It was a brisk winter morning on Three Kings Day in South Bethlehem when Olga Negrón went shopping. She was distracted by a boy misbehaving and overheard his mother warn that bad behavior results in no presents from the three kings that night. Negrón sighed — the three kings already came the previous night and left.
In this moment, Negrón realized that she not only had to educate her daughters about Hispanic culture, but also the entire community.
Olga Negrón was elected to the Bethlehem city council in 2016, much due to her strong connections with the Hispanic community on the South Side. She’s the only Latina on the city council representing the majority of Latinos who are voiceless.
“I like to fight for justice and I want to make sure that my people are well-educated about their rights, so they’re not being stepped on,” Negrón said describing her community outreach efforts and legal clinics.
Through her full-time occupation as a community liaison at HGSK Law Firm’s Social Service Department, Negrón either connects locals to resources they may need such as food stamps, food pantries or billing assistance, or acts as an interpreter for personal injury cases for the 85 percent of Latino clientele the firm attracts.
“If the Hispanic community all votes together, they’d be pretty powerful, and I think you’re starting to see that,” said Roger Hudak, Negrón’s longtime neighbor and friend. “(Negrón) has a lot to do with that.”
Being an employee in Allentown, Negrón had to sit in on many city council meetings, which sparked her curiosity about the Bethlehem city council. As her involvement and reputation also grew in the community with assisting in the Puerto Rican Parade and Borinquen Fest, leading to her membership in the Puerto Rican Cultural Coalition and the Puerto Rican Beneficial Society, many locals encouraged Negrón to run.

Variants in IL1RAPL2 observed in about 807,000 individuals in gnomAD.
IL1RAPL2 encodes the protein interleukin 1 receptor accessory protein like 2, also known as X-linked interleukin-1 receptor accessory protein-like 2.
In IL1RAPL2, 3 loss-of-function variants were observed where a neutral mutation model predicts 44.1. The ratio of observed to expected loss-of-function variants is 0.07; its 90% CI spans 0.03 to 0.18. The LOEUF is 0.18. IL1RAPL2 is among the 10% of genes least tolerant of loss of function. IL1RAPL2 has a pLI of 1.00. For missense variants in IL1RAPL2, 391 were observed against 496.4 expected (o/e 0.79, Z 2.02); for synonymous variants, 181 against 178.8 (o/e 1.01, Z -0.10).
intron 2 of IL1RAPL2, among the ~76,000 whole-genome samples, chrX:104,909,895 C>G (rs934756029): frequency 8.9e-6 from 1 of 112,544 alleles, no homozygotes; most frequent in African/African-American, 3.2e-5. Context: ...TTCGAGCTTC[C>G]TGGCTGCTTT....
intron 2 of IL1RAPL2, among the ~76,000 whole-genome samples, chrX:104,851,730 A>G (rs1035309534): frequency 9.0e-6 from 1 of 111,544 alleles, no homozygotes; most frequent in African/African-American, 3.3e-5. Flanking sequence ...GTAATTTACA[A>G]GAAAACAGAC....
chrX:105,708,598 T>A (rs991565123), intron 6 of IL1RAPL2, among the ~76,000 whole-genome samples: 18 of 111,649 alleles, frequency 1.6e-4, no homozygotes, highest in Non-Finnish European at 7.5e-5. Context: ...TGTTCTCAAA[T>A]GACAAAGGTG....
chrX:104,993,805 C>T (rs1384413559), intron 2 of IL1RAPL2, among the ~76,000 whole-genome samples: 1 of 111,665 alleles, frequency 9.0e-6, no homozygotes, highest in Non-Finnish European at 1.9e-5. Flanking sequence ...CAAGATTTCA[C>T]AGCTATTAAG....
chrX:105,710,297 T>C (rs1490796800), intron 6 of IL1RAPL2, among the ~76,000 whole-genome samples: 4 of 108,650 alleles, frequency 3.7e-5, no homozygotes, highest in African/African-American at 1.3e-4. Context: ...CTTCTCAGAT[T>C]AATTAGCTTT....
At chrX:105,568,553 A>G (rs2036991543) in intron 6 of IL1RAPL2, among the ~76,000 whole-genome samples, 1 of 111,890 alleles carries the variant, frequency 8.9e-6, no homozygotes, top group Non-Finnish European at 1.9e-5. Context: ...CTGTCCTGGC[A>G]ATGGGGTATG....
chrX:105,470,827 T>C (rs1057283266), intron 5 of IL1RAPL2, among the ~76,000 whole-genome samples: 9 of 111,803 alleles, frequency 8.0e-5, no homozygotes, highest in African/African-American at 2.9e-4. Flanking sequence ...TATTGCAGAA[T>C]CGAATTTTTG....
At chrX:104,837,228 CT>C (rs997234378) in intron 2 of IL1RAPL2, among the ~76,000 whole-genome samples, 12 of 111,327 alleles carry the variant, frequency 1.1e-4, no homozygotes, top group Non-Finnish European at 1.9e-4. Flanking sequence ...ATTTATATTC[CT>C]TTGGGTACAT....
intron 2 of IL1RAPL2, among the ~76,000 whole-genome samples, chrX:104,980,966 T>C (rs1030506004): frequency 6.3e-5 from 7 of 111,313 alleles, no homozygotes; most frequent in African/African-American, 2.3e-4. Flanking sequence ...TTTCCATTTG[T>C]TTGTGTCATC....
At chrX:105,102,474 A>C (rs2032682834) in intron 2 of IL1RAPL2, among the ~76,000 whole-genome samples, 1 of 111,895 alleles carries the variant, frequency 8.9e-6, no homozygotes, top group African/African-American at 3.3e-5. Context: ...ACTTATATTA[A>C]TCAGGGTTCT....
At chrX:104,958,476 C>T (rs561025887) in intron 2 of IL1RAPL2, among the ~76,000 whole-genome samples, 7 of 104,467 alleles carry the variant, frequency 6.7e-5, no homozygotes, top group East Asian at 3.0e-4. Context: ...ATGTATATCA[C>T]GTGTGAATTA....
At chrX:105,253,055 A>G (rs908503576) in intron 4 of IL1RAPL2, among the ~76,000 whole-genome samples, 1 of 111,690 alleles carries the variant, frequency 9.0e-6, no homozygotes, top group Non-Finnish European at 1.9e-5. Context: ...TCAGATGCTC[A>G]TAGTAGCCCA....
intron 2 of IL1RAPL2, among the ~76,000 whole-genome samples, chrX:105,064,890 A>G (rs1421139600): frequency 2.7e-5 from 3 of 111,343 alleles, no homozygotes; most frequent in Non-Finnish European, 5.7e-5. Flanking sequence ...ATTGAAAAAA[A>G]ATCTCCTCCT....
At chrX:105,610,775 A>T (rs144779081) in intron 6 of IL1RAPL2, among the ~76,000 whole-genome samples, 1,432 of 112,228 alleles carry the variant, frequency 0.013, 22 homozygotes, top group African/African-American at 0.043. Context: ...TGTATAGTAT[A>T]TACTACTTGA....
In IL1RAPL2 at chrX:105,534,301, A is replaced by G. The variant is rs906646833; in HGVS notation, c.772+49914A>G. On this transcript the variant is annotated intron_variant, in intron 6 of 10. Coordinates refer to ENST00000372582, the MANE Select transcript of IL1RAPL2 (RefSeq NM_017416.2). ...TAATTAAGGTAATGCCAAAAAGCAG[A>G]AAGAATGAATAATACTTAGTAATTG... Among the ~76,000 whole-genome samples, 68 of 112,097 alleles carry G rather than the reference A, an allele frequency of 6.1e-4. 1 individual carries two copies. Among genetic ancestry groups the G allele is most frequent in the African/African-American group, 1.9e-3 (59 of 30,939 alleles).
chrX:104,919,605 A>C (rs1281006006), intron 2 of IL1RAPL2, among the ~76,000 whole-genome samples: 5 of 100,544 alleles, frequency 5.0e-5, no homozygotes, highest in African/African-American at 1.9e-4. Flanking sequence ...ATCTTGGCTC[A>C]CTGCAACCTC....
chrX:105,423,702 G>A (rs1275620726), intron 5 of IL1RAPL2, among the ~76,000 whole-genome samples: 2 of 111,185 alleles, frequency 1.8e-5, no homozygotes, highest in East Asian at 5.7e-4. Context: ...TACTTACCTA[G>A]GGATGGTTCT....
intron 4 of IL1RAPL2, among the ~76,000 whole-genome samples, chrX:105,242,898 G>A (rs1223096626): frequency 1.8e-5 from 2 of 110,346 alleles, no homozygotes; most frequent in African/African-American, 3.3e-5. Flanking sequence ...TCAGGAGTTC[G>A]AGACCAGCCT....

“She’s very active in the community, and she’s well-liked,” said Nicholas Englesson, a magisterial district judge and Negrón’s significant other.
Even with a lot of support, Negrón was doubtful whether she’d win, but the need for diversity reigned supreme.
“Too often the people from the community spoke against a project, and the council was not listening, they approved one and again projects and activities that the citizens did not want, so that’s when I said we need representation,” Negrón said.
While Negrón advocates for the rights of her community that she’s been a part of for 21 years, she has been the single voice of opposition on the city council. Rather than passing the building of the garage on New Street, the Martin Tower where playgrounds would be demolished or supporting zoning changes, Negrón fights for things such as the pedestrian bridge that community members want.
“Here’s what’s outstanding about (Negrón): she’s not a career politician. She doesn’t answer to the political bosses. She doesn’t answer to the money people. She doesn’t answer to the developers. She really represents regular folks — she sees that the other interests are well enough represented,” Englesson said.
Negrón understands her role of being the check and balance of the government structure and the voice of the community at large.
“I’m not there to have everybody like me, if I was I would’ve sold ice cream instead,” Negrón said, “I don’t make my own selfish decisions.”
Fellow Councilwoman Paige Van Wirt said while the votes before she was elected to office were often 6-1, tipping against Negrón, now she’s not the sole voice of opposition as they usually vote similarly.
“The fact that (Negrón) understands the South Side so much better than I do, I want to learn from her because if Olga has an opinion that’s different from me, there’s something there and I have to listen,” Van Wirt said.
Negrón is not removed from the communal struggle of South Bethlehem residents.
Just short of her 21st birthday, Negrón moved to Tallahassee, Florida, from Puerto Rico with her three-month-old baby and husband, eventually having two more daughters, and later getting divorced due to severe domestic violence. As a single mother, she moved to South Bethlehem where she had family. Here she noticed the need to educate the community about their Puerto Rican culture and where her long road to councilwoman began.
What the Hispanic community has, according to Negrón, is love and support for each other. As time goes on and the Hispanic community grows, representation will change and Latinos will be at the forefront.
“The Hispanic community just needs a little more time. All the leaders of the Hispanic community are women, (Negrón) is the woman,” Hudak said.
Both Hudak and Englesson said Negrón could push for any position in the future, even mayor. With the Hispanic community on her side and her yearning to represent the underrepresented, she’s as Hudak put it, “a dynamo.”